Young Minds Advocacy Project (YMAP) and the National Center for Youth Law (NCYL) released a report today on foster youths’ access to mental health services in Alameda County, California. Alameda County is located on the Eastern shore of San Francisco Bay and includes the city of Oakland. The report, funded by Alameda County Health and Human Services Agency, details the challenges faced by foster youth who cross county lines in getting adequate mental health care under Medi-Cal. This statewide challenge affects more than 12,000 young people. The report describes these children as “out-of-county” foster youth.
According to the report, “Out-of-county foster children . . . may wait months, or even years, for appropriate mental health treatment or be denied treatment altogether, despite federal and state laws that entitle all foster youth to adequate care. Data suggests that children sent out-of-county have greater needs and less access to most types of mental health care.” Alameda County had more than two thousand children in care as of February, 2012, and the study reports that almost half of them were placed out of county. Statewide, 20.2 percent of foster youth live out of county.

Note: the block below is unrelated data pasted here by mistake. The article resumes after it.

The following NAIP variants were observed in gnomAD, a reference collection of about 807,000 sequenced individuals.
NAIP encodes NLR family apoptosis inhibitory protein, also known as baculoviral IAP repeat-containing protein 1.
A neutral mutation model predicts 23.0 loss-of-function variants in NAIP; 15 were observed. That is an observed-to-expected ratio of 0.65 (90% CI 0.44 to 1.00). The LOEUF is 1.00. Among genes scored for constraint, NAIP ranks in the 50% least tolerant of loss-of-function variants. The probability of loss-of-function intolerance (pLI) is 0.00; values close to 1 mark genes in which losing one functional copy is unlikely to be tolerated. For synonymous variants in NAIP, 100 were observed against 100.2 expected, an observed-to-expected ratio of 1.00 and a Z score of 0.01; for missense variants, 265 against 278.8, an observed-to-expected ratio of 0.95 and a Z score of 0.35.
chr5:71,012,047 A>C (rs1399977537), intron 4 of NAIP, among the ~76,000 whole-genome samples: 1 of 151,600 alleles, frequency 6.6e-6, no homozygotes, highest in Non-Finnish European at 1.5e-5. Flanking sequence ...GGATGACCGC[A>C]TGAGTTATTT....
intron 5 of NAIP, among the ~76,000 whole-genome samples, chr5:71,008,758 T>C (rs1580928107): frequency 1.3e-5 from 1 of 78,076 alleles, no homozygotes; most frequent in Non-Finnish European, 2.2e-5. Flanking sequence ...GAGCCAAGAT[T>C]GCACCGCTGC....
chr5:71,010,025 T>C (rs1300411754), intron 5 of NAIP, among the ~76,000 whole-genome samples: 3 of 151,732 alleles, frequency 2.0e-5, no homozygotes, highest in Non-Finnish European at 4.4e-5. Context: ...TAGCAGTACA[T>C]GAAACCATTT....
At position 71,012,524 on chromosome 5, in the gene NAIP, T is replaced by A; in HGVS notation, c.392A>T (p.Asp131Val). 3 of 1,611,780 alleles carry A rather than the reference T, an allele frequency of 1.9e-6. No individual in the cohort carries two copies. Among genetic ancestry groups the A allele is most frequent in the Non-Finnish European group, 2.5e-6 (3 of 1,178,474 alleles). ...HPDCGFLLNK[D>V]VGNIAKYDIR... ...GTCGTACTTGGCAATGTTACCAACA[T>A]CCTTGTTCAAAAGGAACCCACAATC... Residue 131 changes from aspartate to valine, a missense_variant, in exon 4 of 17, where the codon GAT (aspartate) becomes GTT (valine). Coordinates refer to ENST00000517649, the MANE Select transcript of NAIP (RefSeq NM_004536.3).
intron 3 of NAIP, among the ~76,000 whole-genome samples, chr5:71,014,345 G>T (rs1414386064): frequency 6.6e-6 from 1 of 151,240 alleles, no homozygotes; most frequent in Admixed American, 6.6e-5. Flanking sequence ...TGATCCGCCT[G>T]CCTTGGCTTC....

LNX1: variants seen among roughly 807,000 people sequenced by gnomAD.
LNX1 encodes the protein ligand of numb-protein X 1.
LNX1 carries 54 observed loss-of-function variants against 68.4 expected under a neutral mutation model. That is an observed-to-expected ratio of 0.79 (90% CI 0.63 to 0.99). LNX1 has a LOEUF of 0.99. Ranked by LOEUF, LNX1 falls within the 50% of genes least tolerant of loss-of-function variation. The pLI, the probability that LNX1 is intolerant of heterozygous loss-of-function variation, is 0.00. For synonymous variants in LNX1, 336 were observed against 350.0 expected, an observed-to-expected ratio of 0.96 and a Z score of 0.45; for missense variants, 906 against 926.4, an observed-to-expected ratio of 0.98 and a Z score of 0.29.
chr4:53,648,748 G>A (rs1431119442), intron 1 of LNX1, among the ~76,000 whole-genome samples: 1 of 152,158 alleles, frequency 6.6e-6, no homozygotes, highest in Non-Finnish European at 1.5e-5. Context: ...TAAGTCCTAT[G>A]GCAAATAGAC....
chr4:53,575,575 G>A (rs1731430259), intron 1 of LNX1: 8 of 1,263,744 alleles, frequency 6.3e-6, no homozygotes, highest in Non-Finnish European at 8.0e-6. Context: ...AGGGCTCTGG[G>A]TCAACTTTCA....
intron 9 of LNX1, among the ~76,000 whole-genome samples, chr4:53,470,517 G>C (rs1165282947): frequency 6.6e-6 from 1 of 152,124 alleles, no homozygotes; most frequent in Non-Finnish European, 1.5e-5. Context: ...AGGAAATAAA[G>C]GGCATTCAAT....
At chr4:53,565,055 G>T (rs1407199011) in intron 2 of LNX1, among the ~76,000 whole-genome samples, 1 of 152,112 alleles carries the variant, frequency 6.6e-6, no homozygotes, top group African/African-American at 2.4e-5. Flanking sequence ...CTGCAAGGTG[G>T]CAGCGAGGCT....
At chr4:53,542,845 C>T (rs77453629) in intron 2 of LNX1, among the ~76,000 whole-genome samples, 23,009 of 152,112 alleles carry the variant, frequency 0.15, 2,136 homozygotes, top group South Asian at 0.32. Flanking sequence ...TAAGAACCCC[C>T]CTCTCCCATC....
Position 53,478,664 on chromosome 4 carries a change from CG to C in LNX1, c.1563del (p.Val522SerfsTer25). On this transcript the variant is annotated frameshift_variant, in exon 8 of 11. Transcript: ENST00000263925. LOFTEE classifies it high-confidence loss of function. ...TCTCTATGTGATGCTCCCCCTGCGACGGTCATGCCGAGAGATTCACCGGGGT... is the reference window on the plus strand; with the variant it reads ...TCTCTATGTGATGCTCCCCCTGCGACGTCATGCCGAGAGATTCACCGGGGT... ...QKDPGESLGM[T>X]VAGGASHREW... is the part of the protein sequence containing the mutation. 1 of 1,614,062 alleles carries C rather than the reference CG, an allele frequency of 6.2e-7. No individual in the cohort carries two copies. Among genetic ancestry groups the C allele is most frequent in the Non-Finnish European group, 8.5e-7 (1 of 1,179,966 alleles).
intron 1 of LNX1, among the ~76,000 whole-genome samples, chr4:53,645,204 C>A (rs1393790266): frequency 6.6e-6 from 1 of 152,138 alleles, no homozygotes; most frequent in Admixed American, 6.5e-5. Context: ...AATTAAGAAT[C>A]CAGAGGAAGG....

Group homes are especially concerning, according to the report, “because of the research suggesting that youth in group homes have a higher incidence of mental health needs.” Analysis by YMAP and NCYL concludes that children placed in group homes are more likely to be sent out of county than children placed in family foster homes, and in Alameda County, the trend is increasing. In 2008, Alameda County sent 51.5 percent of its group home youth to another county. By 2012, that percentage had increased to 61.5 percent.
Alameda County was in the top 20 percent of counties in terms of the amount of mental health services provided to foster youth, according to a state report on foster youth access to care that was analyzed in the study. The County is also a leader in serving out-of-county youth, and “only two counties were at the same or higher level of service intensity” as Alameda. Nevertheless, “Alameda showed similar patters to the state as a whole, with foster children placed out of county less likely to receive mental health services at all, and receiving fewer days of service for those services they do receive.“
The report makes four recommendations to improve access to care for out-of-county foster youth:
(1) Allow foster youth to choose to be served by the county in which they reside.
(2) Collectively fund the non-federal share of cost for out-of-county services.
(3) Improve collaboration among child-serving agencies, including child welfare, probation, schools, and county mental health.
(4) Gather better data on mental health services supply and demand and improve intra-county information sharing.
Read the full Report.
Do you have concerns about out-of-county access to mental health services for foster youth? If so, please let us hear about them. It is only through coordinated public action that this challenge will be overcome.
February 11th, 2013